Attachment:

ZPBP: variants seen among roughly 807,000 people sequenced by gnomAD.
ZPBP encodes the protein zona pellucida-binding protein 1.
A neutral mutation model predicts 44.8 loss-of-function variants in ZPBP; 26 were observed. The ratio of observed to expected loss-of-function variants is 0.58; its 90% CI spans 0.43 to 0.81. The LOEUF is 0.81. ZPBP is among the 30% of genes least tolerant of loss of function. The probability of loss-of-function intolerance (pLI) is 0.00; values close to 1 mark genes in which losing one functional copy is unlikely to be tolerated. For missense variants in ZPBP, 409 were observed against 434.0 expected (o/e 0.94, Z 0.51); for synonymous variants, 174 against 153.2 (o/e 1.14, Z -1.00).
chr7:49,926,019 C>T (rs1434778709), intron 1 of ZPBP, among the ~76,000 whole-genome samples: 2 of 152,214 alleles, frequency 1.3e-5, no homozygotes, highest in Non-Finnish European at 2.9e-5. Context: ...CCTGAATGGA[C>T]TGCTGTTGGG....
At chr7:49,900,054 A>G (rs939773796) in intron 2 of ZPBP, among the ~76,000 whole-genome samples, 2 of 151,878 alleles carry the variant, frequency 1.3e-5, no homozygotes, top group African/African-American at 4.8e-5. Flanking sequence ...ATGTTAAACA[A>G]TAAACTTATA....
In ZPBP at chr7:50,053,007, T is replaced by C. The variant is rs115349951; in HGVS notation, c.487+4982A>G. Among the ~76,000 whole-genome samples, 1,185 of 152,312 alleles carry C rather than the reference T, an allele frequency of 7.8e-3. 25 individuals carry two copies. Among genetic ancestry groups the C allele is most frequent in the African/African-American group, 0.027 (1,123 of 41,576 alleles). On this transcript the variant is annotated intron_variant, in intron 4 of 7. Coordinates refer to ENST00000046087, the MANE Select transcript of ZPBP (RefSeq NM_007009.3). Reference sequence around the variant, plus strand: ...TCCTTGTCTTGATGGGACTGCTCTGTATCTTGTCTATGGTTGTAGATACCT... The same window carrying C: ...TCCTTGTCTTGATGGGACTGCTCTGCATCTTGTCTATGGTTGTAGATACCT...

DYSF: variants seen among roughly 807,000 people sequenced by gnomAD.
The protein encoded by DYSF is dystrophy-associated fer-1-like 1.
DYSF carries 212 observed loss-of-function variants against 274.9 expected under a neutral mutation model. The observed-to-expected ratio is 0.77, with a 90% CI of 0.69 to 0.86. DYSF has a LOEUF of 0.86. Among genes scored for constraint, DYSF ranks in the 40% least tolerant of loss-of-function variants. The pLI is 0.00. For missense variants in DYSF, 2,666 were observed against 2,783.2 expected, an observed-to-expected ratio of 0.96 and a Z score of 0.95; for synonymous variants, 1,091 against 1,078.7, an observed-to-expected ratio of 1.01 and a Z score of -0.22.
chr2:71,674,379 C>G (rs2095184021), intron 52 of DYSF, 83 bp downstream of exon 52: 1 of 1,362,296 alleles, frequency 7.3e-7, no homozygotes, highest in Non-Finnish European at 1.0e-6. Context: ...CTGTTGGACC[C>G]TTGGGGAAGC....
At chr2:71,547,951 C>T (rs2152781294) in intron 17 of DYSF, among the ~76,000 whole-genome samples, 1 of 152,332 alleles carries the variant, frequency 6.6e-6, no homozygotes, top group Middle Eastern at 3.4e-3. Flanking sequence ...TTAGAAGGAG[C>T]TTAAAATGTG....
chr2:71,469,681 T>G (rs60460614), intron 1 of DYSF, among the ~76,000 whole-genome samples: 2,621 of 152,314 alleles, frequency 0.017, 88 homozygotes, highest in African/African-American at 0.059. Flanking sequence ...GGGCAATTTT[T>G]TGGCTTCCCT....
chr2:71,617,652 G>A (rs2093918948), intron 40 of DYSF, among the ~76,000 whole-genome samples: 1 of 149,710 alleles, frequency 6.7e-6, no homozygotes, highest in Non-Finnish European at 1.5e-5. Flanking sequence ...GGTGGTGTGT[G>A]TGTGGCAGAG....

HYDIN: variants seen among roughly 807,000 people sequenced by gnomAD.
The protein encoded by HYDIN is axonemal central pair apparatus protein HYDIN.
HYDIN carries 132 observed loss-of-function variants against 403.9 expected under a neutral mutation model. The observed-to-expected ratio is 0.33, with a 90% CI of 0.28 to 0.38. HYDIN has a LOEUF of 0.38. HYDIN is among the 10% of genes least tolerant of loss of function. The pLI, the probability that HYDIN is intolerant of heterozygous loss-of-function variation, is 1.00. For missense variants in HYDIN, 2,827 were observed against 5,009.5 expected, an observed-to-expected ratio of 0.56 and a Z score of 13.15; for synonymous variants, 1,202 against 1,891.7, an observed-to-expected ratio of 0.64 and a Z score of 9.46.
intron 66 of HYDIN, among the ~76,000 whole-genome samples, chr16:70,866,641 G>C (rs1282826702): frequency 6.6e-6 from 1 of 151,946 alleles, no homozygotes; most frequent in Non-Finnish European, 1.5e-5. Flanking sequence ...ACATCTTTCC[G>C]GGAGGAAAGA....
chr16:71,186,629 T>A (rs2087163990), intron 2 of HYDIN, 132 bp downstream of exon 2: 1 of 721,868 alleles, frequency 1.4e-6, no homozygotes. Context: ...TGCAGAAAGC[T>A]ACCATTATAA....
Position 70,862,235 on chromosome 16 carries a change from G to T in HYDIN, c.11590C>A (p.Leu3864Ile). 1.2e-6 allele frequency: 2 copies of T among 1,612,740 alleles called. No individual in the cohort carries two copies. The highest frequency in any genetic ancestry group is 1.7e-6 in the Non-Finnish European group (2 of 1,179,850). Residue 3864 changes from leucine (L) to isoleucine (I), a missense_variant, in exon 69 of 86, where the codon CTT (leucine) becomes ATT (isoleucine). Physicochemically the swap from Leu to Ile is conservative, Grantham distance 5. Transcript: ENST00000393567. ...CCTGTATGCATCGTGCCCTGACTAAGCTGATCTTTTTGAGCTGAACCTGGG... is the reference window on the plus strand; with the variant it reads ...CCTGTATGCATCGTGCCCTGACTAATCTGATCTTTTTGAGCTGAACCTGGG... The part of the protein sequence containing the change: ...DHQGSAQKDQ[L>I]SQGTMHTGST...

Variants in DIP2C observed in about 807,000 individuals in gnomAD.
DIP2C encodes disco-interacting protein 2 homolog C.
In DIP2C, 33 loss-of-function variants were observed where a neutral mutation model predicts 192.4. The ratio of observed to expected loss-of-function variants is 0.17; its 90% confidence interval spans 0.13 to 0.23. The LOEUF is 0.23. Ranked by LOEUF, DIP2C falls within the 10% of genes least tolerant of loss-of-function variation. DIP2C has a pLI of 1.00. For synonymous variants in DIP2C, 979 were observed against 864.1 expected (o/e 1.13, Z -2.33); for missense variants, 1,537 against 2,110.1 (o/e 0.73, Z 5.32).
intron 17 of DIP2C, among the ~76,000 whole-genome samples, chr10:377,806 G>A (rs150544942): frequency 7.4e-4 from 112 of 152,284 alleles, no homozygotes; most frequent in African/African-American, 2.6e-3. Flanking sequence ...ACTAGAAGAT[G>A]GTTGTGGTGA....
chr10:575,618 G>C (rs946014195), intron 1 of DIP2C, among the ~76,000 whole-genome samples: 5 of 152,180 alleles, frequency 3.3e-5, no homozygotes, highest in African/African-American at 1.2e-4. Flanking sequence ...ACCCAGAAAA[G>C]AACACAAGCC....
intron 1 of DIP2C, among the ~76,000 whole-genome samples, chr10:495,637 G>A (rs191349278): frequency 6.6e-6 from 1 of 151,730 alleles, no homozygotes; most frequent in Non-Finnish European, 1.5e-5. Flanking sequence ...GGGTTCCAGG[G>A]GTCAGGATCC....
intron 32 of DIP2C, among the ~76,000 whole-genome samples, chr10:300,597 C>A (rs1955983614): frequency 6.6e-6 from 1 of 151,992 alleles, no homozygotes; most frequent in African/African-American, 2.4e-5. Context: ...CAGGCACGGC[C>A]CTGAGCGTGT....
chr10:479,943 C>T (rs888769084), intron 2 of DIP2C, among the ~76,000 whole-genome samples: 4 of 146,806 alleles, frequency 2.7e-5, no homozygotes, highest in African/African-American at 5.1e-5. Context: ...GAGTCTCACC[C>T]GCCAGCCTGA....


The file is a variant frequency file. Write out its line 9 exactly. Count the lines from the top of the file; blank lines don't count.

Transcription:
DYSF carries 212 observed loss-of-function variants against 274.9 expected under a neutral mutation model. The observed-to-expected ratio is 0.77, with a 90% CI of 0.69 to 0.86. DYSF has a LOEUF of 0.86. Among genes scored for constraint, DYSF ranks in the 40% least tolerant of loss-of-function variants. The pLI is 0.00. For missense variants in DYSF, 2,666 were observed against 2,783.2 expected, an observed-to-expected ratio of 0.96 and a Z score of 0.95; for synonymous variants, 1,091 against 1,078.7, an observed-to-expected ratio of 1.01 and a Z score of -0.22.